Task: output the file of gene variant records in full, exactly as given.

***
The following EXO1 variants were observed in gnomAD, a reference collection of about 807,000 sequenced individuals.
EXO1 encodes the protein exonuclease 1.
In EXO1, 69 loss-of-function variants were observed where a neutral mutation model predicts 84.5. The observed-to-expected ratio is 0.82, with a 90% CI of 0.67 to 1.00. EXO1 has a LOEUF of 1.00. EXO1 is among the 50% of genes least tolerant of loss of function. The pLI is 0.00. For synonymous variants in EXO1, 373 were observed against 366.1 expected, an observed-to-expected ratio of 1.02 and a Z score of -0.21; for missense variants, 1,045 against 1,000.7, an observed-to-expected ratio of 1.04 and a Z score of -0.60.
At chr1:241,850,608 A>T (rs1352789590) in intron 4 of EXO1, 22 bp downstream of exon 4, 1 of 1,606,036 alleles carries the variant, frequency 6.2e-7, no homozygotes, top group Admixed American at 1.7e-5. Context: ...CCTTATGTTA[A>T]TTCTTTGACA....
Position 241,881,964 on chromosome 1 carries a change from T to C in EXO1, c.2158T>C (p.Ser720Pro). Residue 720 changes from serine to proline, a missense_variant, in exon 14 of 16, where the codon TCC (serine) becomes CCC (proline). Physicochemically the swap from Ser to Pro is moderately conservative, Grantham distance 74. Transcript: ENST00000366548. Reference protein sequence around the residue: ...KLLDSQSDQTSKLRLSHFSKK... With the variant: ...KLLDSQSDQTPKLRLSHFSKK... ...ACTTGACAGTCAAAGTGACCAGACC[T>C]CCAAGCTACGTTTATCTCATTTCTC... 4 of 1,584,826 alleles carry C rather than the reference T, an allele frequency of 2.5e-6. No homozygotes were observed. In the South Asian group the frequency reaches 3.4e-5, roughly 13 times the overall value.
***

The following EXO1 variants were observed in gnomAD, a reference collection of about 807,000 sequenced individuals.
EXO1 encodes the protein exonuclease 1.
In EXO1, 69 loss-of-function variants were observed where a neutral mutation model predicts 84.5. The observed-to-expected ratio is 0.82, with a 90% CI of 0.67 to 1.00. EXO1 has a LOEUF of 1.00. EXO1 is among the 50% of genes least tolerant of loss of function. The pLI is 0.00. For synonymous variants in EXO1, 373 were observed against 366.1 expected, an observed-to-expected ratio of 1.02 and a Z score of -0.21; for missense variants, 1,045 against 1,000.7, an observed-to-expected ratio of 1.04 and a Z score of -0.60.
At chr1:241,850,608 A>T (rs1352789590) in intron 4 of EXO1, 22 bp downstream of exon 4, 1 of 1,606,036 alleles carries the variant, frequency 6.2e-7, no homozygotes, top group Admixed American at 1.7e-5. Context: ...CCTTATGTTA[A>T]TTCTTTGACA....
Position 241,881,964 on chromosome 1 carries a change from T to C in EXO1, c.2158T>C (p.Ser720Pro). Residue 720 changes from serine to proline, a missense_variant, in exon 14 of 16, where the codon TCC (serine) becomes CCC (proline). Physicochemically the swap from Ser to Pro is moderately conservative, Grantham distance 74. Transcript: ENST00000366548. Reference protein sequence around the residue: ...KLLDSQSDQTSKLRLSHFSKK... With the variant: ...KLLDSQSDQTPKLRLSHFSKK... ...ACTTGACAGTCAAAGTGACCAGACC[T>C]CCAAGCTACGTTTATCTCATTTCTC... 4 of 1,584,826 alleles carry C rather than the reference T, an allele frequency of 2.5e-6. No homozygotes were observed. In the South Asian group the frequency reaches 3.4e-5, roughly 13 times the overall value.